The Joslyn Art Museum announced on Oct. 17 that the international architecture firm, Snøhetta, will lead the expansion for the museum.
Snøhetta’s work around the globe features designs informed by human interaction in a multi-disciplinary approach with its dedication to sustainability made it the committee’s unanimous choice.
The 30-year-old firm, under founding partner Craig Dykers, began with the revival of the ancient library of Alexandria, Egypt. Snøhetta’s work is highlighted in the National September 11 Memorial Museum Pavilion in New York City, the redesign of the public space in Times Square and the expansion to the San Francisco Museum of Modern Art.
“Together with Joslyn’s rich collections of art spanning the globe and its dynamic relationship with the communities that sustain it create a powerful platform to begin designing the next phase of its life, for future generations,” noted Dykers in Joslyn’s press release. “All of us at Snøhetta are energized and honored to be a part of the work.”
The architecture firm was selected by a committee composed of Joslyn staff and Omaha community leaders. The committee conducted an expansive search for an architect with multiple international firms in line for the project, as stated by the Joslyn’s press release.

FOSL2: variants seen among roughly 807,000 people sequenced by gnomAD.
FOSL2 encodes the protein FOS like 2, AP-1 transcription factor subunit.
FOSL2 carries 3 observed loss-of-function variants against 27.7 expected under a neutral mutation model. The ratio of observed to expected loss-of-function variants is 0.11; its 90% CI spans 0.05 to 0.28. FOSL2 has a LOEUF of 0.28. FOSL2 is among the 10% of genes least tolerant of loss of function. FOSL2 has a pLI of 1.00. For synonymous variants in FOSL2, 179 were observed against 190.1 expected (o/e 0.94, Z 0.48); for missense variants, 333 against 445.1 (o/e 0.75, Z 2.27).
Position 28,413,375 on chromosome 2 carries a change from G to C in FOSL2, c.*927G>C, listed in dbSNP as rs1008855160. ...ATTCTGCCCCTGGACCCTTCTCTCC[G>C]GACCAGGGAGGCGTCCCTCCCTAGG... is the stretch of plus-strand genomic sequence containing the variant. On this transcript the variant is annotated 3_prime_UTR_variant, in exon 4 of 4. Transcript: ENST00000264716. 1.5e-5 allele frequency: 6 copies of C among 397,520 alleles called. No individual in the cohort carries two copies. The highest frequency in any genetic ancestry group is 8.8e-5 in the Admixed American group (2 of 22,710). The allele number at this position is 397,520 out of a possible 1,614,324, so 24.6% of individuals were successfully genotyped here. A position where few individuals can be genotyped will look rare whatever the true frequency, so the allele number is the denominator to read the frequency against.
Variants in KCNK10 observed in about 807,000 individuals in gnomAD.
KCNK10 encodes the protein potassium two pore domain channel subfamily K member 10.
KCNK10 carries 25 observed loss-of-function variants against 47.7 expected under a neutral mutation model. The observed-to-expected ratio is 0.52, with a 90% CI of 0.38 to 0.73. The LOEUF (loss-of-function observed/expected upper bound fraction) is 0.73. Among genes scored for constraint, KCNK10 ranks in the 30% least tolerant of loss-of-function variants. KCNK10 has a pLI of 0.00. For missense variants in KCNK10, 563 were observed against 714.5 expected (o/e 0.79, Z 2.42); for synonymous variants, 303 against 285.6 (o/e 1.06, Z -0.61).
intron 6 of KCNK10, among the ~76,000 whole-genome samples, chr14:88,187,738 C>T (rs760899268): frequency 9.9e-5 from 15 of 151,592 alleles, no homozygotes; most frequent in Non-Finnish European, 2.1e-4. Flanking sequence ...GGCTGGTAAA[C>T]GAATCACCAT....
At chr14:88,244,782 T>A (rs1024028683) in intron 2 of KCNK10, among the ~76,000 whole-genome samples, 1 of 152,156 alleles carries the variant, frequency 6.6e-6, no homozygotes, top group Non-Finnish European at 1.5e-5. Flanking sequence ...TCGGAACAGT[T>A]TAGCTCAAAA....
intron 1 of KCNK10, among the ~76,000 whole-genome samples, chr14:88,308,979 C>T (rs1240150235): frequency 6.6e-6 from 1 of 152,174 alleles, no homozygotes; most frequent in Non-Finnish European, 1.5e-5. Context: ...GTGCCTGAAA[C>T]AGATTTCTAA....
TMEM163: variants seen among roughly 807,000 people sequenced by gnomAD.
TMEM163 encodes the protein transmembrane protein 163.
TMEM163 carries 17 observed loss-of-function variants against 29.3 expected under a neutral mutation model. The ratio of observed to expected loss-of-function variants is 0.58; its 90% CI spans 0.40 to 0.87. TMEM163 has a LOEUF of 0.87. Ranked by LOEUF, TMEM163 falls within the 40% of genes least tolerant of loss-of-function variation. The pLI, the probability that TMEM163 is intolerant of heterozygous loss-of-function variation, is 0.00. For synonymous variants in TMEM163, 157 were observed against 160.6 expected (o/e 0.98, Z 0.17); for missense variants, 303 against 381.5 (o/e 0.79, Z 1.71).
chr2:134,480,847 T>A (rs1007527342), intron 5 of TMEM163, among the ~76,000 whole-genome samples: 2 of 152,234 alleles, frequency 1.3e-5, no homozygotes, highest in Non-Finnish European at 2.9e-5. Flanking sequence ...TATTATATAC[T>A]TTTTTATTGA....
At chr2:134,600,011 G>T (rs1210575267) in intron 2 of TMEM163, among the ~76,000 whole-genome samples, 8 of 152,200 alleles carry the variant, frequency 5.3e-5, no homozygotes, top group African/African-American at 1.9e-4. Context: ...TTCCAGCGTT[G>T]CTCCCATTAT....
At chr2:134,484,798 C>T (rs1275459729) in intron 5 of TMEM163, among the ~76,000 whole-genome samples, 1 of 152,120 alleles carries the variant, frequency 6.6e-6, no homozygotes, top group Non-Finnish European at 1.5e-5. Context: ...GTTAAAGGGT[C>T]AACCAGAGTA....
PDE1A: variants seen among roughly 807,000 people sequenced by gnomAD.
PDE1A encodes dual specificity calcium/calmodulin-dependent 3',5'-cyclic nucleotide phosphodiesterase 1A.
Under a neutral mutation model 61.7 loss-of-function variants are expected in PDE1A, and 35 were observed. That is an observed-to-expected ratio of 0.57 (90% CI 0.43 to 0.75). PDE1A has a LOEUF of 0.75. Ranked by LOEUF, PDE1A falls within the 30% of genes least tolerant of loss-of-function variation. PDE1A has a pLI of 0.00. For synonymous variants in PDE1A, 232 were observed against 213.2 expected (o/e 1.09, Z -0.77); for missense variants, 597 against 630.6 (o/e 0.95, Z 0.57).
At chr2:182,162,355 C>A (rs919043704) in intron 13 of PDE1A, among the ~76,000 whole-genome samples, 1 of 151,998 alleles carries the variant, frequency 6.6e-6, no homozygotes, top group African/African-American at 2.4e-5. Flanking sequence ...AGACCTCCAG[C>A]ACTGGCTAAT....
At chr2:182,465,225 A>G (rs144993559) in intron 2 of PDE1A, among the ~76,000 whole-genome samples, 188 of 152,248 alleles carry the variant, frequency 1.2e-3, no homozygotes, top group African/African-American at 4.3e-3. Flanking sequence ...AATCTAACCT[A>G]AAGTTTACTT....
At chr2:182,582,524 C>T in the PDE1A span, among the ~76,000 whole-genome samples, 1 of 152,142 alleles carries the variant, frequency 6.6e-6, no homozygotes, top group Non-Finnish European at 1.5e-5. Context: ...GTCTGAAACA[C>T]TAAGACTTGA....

The Joslyn’s press release says that the expansion will be transformative for the Museum, the city of Omaha and Nebraska. The new structure will complement and enhance Joslyn’s original 1931 Memorial Building and 1994 Walter and Suzanne Scott Pavilion addition, which were designed by Norman Foster.
The planned expansion is intended to transform the Joslyn for the 21st century. New galleries will showcase art in an architecturally inspiring space, according to the Joslyn press release. It will support more public programs and art education opportunities already offered by the Joslyn, and it will heighten the environment and experience for all visitors.
“Joslyn leaders began discussing an expansion about two years ago,” Joslyn executive director and CEO Jack Becker said in an email. “There is a need for increased gallery space, and the demand for art education via public programming. … An expansion now allows us to address both needs.”